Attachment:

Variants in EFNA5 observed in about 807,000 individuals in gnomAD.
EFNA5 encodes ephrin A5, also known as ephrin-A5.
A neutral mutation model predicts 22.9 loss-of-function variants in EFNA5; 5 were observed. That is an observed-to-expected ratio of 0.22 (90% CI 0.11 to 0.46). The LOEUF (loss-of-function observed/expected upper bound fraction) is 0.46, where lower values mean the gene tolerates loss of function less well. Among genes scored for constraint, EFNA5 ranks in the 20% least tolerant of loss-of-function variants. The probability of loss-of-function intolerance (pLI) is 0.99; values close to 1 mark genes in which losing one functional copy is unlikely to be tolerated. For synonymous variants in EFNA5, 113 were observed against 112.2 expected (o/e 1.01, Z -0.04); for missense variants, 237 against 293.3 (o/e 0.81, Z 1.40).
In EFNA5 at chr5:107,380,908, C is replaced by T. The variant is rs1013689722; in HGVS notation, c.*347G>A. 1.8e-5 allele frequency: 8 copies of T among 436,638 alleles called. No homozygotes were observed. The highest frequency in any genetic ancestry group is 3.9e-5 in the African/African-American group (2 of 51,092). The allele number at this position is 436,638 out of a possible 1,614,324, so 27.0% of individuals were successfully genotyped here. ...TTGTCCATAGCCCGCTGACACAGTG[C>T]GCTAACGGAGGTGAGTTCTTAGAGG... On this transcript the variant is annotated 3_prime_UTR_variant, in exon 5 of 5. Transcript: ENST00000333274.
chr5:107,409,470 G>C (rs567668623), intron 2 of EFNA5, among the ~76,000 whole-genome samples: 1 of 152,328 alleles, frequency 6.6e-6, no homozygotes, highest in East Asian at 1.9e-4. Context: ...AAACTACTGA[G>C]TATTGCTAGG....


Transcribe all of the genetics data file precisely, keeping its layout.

Variants in EFNA5 observed in about 807,000 individuals in gnomAD.
EFNA5 encodes ephrin A5, also known as ephrin-A5.
A neutral mutation model predicts 22.9 loss-of-function variants in EFNA5; 5 were observed. That is an observed-to-expected ratio of 0.22 (90% CI 0.11 to 0.46). The LOEUF (loss-of-function observed/expected upper bound fraction) is 0.46, where lower values mean the gene tolerates loss of function less well. Among genes scored for constraint, EFNA5 ranks in the 20% least tolerant of loss-of-function variants. The probability of loss-of-function intolerance (pLI) is 0.99; values close to 1 mark genes in which losing one functional copy is unlikely to be tolerated. For synonymous variants in EFNA5, 113 were observed against 112.2 expected (o/e 1.01, Z -0.04); for missense variants, 237 against 293.3 (o/e 0.81, Z 1.40).
In EFNA5 at chr5:107,380,908, C is replaced by T. The variant is rs1013689722; in HGVS notation, c.*347G>A. 1.8e-5 allele frequency: 8 copies of T among 436,638 alleles called. No homozygotes were observed. The highest frequency in any genetic ancestry group is 3.9e-5 in the African/African-American group (2 of 51,092). The allele number at this position is 436,638 out of a possible 1,614,324, so 27.0% of individuals were successfully genotyped here. ...TTGTCCATAGCCCGCTGACACAGTG[C>T]GCTAACGGAGGTGAGTTCTTAGAGG... On this transcript the variant is annotated 3_prime_UTR_variant, in exon 5 of 5. Transcript: ENST00000333274.
chr5:107,409,470 G>C (rs567668623), intron 2 of EFNA5, among the ~76,000 whole-genome samples: 1 of 152,328 alleles, frequency 6.6e-6, no homozygotes, highest in East Asian at 1.9e-4. Context: ...AAACTACTGA[G>C]TATTGCTAGG....